Our laboratory conducts research into how information about the outside world is encoded by the patterns of spiking neurons in the sensory pathways of the brain. We combine experimental and computational approaches to better understand and control aspects of the neural code. Specifically, we focus on the visual and somatosensory pathways at the junction between the sensory periphery and sensory cortex. Our experimental approaches include multi-site, mutli-electrode recording, optical imaging, behavior, and patterned stimulation. Our computational approaches include linear and nonlinear model estimation, information theory, observer analysis, and signal detection and discrimination. Our long-term goal is to provide surrogate control for circuits involved in sensory signaling, for pathways injured through trauma or disease.
Quantitative Evolutionary Genetics. After 15 years working on genomic approaches to complex traits in Drosophila, my group has spent much of the past 10 years focusing on human quantitative genetics. We start with the conviction that genotype-by-environment and genotype-by-genotype interactions are important influences at the individual level (even though they are almost impossible to detect at the population level). We use a combination of simulation studies and integrative genomics approaches to study phenomena such as cryptic genetic variation (context-dependent genetic effects) and canalization (evolved robustness) with the main focus currently on disease susceptibility.
Immuno-Transcriptomics. As one of the early developers of statistical approaches to analysis of gene expression data, we have a long-term interest in applications of transcriptomics in ecology, evolution, and lately disease progression. Since blood is the most accessible human tissue, we’ve examined how variation is distributed within and among populations, across inflammatory and auto-immune states, and asked how it relates to variation in immune cell types. Our axes-of-variation framework provides a new way of monitoring lymphocyte, neutrophil, monocyte and reticulocyte profiles from whole peripheral blood. Most recently we have also been collaborating on numerous studies of specific tissues or purified cell types in relation to such diseases as malaria, inflammatory bowel disease, juvenile arthritis, lupus, and coronary artery disease.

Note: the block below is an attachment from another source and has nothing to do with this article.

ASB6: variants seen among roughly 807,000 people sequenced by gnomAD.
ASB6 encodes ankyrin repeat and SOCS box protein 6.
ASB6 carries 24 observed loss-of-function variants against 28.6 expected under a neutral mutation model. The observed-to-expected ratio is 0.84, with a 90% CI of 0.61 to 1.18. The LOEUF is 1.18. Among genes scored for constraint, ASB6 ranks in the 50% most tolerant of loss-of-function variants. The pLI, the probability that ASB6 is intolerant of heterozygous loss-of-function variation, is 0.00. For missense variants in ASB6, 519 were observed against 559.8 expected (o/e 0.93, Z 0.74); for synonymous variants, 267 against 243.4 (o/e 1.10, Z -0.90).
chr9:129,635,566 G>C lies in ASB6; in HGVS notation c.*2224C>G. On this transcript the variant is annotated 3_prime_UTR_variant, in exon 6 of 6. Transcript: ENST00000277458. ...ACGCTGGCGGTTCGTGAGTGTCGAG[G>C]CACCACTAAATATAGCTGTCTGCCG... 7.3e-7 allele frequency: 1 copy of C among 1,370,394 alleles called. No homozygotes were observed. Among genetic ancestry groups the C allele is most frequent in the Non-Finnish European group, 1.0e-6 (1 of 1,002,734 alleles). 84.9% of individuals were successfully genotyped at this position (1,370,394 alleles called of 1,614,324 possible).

Predictive Health Genomics. Personalized genomic medicine can be divided into two domains: precision medicine and predictive health. We have been particularly interested in the latter, asking how environmental exposures and gene expression, metabolomic and microbial metagenomics profiles can be integrated with genome sequencing or genotyping to generate health risk assessments. A future direction is incorporation of electronic health records into genomic analyses of predictive health. Right now it is easier to predict the weather ten years in advance than loss of well-being, but we presume that preventative medicine is a big part of the future of healthcare.
Manufacturing, Mechanics of Materials, Bioengineering, and Micro and Nano Engineering. Advanced manufacturing and materials processing of metallic, polymeric, ceramic, and composite materials for applications in life sciences, propulsion, and energy.
Professor Das directs the Direct Digital Manufacturing Laboratory and Research Group at Georgia Tech. His research interests encompass a broad variety of interdisciplinary topics under the overall framework of advanced design, prototyping, direct digital manufacturing, and materials processing particularly to address emerging research issues in life sciences, propulsion, and energy. His ultimate objectives are to investigate the science and design of innovative processing techniques for advanced materials and to invent new manufacturing methods for fabricating devices with unprecedented functionality that can yield dramatic improvements in performance, properties and costs.